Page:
From Always On
GregBlonder [Morgenthaler] | POSTED: 02.15.04 @21:09
Now is time
for a few good researchers and entrepreneurs to come to the aid of the
semiconductor industry. The ever-evolving system of battery, integrated
circuit, and CMOS (complementary metal oxide semiconductor) transistor,
which for 20 years has lived in harmony with Moore's Law, is reaching
The doubling of transistor density every 18 months, which Gordon Moore
predicted, is coming smack up against nearly impenetrable heat and cost
barriers. Unless something radically new intervenes, the industry will
begin a gradual descent into slow growth and diminished profitability.
ability to deliver ever more intelligent portable devices will be the
first victim; such devices will start falling noticeably off the downward
cost curve around 2010. But ultimately other forms of computing will sink
into an ever-widening malaise. Given current trends, that could begin
about an emerging problem ten years out represent no idle wringing of
hands. That is because most conceivable solutions will take that long
to develop. The time to start building an entrepreneurial business around
the best of those solutions is now!
do we start?
depend on more powerful chemical bonds, but we've effectively run out
of atoms on the periodic table that could create them. Perhaps an improvement
factor of two or three is possible. The integrated circuit offers potential
for lots of short-term engineering fixesnew algorithms that reduce
current leakage, new rules for running wires, and so on. But potential
improvements are becoming increasingly incremental and will almost certainly
exhaust themselves over the next decade.
point of potential innovation, then, looks like it will have to be the
transistor. There's no getting around it: we need a replacement for the
is doable. Unlike batteries, transistors present no fundamental scientific
barriers to dramatic improvement. The laws of physics permit us to work
with far fewer electrons than the CMOS design currently demands. Fewer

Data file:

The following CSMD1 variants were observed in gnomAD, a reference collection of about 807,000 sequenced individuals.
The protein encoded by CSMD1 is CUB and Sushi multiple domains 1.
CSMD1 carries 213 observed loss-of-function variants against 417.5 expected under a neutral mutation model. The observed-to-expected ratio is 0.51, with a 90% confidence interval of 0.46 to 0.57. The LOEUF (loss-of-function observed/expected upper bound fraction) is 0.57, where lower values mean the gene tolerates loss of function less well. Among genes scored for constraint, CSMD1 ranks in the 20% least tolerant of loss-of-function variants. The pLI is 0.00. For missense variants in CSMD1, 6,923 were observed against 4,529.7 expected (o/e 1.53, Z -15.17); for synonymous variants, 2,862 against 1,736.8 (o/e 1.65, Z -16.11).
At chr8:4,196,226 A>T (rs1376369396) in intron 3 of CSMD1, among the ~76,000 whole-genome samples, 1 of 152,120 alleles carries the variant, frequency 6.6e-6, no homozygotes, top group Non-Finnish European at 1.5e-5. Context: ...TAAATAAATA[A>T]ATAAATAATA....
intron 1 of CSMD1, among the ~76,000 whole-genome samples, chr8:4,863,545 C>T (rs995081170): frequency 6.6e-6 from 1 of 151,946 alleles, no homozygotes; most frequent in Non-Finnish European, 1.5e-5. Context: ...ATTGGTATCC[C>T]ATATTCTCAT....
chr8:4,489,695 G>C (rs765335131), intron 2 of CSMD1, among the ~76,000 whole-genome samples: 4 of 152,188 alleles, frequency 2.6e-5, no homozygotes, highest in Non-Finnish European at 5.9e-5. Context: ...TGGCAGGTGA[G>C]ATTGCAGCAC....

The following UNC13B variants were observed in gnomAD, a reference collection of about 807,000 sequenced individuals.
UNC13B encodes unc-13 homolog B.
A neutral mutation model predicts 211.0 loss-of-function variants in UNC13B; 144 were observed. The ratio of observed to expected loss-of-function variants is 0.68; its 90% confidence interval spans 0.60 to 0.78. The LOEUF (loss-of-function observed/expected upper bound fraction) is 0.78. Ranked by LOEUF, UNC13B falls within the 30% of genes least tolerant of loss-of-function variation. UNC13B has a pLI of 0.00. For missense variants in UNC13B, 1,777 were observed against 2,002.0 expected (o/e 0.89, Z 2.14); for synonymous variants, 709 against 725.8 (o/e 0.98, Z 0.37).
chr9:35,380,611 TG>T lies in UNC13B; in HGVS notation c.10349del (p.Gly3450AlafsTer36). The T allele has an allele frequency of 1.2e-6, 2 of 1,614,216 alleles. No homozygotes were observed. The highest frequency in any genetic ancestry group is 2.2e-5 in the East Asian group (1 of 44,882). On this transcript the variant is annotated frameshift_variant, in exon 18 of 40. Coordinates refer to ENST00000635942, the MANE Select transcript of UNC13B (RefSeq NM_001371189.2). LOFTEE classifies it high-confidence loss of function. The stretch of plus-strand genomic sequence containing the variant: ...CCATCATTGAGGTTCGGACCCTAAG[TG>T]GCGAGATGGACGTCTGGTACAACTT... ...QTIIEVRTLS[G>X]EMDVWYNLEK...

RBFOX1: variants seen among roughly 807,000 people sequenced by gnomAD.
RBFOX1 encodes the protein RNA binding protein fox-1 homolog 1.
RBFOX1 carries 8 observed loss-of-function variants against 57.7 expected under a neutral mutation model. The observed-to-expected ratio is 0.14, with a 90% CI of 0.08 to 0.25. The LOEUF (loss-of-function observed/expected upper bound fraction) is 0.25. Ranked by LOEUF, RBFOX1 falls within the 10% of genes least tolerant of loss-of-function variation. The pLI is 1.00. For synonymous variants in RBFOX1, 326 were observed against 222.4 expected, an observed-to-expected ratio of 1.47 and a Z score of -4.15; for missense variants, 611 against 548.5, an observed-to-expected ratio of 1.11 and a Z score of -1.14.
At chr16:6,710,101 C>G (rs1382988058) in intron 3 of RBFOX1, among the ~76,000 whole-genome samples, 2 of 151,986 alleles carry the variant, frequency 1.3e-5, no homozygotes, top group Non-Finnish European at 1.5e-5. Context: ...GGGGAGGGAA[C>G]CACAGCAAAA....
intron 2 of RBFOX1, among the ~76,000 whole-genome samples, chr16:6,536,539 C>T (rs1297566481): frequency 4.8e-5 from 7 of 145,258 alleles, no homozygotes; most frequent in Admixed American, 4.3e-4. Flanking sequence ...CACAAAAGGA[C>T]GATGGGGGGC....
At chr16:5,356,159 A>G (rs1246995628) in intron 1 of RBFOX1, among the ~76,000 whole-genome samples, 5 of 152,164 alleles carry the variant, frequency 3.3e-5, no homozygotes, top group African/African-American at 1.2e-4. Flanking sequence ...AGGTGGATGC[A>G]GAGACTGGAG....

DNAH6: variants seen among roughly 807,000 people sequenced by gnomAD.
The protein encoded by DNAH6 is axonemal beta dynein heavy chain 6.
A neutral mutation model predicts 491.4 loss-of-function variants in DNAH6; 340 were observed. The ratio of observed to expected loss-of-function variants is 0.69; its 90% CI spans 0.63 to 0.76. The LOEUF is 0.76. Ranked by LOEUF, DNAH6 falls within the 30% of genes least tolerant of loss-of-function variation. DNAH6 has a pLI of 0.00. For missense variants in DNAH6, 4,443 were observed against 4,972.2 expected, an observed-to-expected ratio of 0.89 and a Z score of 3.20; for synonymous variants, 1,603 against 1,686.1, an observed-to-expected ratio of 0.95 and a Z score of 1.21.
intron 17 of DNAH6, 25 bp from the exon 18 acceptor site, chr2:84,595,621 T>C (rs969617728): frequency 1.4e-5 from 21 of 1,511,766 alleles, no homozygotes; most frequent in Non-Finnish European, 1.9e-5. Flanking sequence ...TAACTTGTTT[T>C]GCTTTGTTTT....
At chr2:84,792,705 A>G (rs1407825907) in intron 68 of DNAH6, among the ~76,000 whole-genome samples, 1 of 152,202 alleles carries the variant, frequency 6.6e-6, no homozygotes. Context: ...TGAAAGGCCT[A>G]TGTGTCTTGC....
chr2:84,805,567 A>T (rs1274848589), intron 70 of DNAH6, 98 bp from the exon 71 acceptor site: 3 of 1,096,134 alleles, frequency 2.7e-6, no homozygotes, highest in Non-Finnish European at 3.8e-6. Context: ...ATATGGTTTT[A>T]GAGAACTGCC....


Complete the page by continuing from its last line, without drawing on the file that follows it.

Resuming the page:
electrons, in turn, would allow us to crank down the power necessary to
drive next-generation systems by a factor of hundreds. And less power
would mean, of course, less heat and more design breathing room to create
ever more intelligent and responsive portable devices.
replacement scenarios present themselves, in decreasing levels of desirability.
of dreams: Someone could come up with a CMOS design that, while radically
different, fits within basic silicon design experience. That would be
ideal, because it preserves the trillions of sunk dollars invested in
semiconductor infrastructure. But because no new suitable design has appeared
in over 20 years of trying, we can be reasonably confident that it won't.
2. The good: Researchers could solve the problem with new materials that lead to a
better insulator, a better dielectric, or an absolutely uniform thin film,
giving CMOS a new lease on life. In combination, such improvements might
both solve the heat problem and require changes in just a hundred or so
system processing steps. These improvements would offer the great advantage
of leaving another thousand steps in place and preserving infrastructure.
If no other alternatives emerge, a solution based on new materials might
win solid industry support.
3. The bad: We could invent a whole new semiconductor transistor and replace the CMOS
design entirely. Magnetic switching technology, adopted from magnetic
memories, is sometimes mentioned as a viable alternative approach. Almost
every step in the fab would require modification, and previously hallowed
design rules and prejudices would need to be reset, but necessity may
be the mother of invention.
4. The ugly: Finally, we could leave the cocoon of the silicon industry and head out
into wholly new territory like organic molecular switching or nanotubes.
These solutions would come genuinely out of left field and may have been
ignored by today's major corporate players. Of course, it's also the least
desirable alternative because we would be abandoning every last bit of
Of the alternatives,
only number 1 offers the potential for fairly rapid turnaround. Alternatives
2 and 3 will almost certainly require ten years of development and commercialization
before they become true mass products. It may already be too late to start
on 4 and still expect a smooth handoff with no diminution of growth.
times raise inevitable questions about financial viabilityespecially
given the standard venture capital time frame of five to seven years until
exit. Yet the stakes are high enough that a truly innovative approach
is likely to find serious, patient venture capital backing. The new company
would have to be very clever about finding government research dollars,
partnering, and watching its burn rate so that it could continuously fund
development of its technology. Only in the fifth or sixth year might it
break through with a couple applications where low power consumption is
absolutely critical and customers are willing to pay a premium.
You bet. But the right combination of technology, entrepreneur, and venture
capitalist could make it happen. No conceivable undertaking would do more
for the industry or the broader world economy.
is a general partner with Morgenthaler Ventures.